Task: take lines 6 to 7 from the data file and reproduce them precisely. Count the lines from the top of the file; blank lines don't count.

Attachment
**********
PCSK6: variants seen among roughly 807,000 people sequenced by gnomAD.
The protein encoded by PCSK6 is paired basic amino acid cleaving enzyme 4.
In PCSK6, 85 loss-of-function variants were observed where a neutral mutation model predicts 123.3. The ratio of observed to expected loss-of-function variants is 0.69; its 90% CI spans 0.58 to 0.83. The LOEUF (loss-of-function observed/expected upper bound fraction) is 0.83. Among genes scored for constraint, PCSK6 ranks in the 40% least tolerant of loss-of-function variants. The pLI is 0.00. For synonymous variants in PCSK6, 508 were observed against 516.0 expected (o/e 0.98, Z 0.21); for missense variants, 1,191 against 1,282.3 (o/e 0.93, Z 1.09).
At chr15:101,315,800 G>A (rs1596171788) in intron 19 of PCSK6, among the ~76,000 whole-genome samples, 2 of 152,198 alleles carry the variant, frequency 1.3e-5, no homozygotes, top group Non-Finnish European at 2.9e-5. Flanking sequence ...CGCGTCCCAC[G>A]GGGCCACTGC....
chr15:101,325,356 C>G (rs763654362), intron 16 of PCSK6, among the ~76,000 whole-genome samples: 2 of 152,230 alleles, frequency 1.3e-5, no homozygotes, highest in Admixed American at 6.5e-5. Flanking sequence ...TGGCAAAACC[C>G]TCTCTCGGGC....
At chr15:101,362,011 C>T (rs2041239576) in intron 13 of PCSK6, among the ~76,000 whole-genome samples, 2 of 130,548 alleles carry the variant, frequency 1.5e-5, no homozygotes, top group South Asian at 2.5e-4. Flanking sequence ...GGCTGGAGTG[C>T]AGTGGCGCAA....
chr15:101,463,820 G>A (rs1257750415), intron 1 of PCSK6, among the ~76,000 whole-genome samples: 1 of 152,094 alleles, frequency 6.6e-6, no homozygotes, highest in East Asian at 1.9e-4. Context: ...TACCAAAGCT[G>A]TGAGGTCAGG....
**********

At chr15:101,362,011 C>T (rs2041239576) in intron 13 of PCSK6, among the ~76,000 whole-genome samples, 2 of 130,548 alleles carry the variant, frequency 1.5e-5, no homozygotes, top group South Asian at 2.5e-4. Flanking sequence ...GGCTGGAGTG[C>T]AGTGGCGCAA....
chr15:101,463,820 G>A (rs1257750415), intron 1 of PCSK6, among the ~76,000 whole-genome samples: 1 of 152,094 alleles, frequency 6.6e-6, no homozygotes, highest in East Asian at 1.9e-4. Context: ...TACCAAAGCT[G>A]TGAGGTCAGG....